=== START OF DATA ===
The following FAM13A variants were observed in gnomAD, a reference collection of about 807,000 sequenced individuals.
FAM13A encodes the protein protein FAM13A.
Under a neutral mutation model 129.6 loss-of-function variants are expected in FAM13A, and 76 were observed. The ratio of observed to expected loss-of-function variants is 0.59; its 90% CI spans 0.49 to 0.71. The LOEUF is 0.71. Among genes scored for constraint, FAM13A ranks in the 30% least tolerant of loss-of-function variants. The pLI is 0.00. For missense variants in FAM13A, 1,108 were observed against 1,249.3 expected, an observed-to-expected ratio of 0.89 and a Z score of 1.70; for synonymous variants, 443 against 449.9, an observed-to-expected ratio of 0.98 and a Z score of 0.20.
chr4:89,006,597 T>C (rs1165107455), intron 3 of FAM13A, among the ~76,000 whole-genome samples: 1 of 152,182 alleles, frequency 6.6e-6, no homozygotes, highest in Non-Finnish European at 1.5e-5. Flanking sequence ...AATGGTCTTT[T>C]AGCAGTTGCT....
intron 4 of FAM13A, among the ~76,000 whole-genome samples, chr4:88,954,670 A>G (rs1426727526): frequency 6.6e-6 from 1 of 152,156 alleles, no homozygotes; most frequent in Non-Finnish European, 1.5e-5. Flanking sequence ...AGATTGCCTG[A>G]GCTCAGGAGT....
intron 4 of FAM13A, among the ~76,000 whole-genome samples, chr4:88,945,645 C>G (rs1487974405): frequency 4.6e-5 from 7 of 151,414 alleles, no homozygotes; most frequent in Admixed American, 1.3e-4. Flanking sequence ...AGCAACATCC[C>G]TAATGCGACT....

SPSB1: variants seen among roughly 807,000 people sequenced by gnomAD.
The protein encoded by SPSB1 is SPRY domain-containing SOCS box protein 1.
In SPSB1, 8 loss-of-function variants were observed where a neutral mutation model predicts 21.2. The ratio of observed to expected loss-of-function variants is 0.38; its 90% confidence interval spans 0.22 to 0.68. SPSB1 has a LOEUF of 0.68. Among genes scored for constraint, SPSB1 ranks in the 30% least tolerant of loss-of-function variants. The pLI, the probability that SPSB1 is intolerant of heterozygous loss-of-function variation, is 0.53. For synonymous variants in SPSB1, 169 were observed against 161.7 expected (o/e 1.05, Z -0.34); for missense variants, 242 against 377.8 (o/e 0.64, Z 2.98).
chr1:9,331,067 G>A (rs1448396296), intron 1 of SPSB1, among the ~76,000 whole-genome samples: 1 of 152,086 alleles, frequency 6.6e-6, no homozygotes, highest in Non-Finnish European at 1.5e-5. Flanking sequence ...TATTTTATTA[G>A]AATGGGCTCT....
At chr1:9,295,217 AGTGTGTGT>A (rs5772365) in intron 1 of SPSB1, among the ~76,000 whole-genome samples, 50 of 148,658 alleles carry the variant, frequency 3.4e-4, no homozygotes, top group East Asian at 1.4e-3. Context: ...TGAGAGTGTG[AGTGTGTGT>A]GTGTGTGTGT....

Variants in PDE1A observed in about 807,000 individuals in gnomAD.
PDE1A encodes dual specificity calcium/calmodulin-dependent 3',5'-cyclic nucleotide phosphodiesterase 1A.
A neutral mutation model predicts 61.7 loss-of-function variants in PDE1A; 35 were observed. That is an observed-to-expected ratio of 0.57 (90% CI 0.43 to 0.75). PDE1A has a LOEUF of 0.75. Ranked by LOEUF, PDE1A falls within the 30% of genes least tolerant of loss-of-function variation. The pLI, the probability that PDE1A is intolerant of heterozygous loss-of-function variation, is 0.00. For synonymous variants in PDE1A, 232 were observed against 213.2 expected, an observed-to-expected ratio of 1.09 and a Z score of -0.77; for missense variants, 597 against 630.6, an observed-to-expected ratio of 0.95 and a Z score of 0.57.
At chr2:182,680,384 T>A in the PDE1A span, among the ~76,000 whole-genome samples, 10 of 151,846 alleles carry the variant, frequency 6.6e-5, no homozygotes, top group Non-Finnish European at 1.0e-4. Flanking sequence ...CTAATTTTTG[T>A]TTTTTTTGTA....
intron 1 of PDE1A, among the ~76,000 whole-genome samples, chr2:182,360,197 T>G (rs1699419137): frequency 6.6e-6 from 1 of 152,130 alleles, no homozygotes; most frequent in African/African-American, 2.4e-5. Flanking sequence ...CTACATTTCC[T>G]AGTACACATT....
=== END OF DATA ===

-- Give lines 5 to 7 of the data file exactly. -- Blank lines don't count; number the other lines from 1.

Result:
intron 4 of FAM13A, among the ~76,000 whole-genome samples, chr4:88,954,670 A>G (rs1426727526): frequency 6.6e-6 from 1 of 152,156 alleles, no homozygotes; most frequent in Non-Finnish European, 1.5e-5. Flanking sequence ...AGATTGCCTG[A>G]GCTCAGGAGT....
intron 4 of FAM13A, among the ~76,000 whole-genome samples, chr4:88,945,645 C>G (rs1487974405): frequency 4.6e-5 from 7 of 151,414 alleles, no homozygotes; most frequent in Admixed American, 1.3e-4. Flanking sequence ...AGCAACATCC[C>G]TAATGCGACT....

SPSB1: variants seen among roughly 807,000 people sequenced by gnomAD.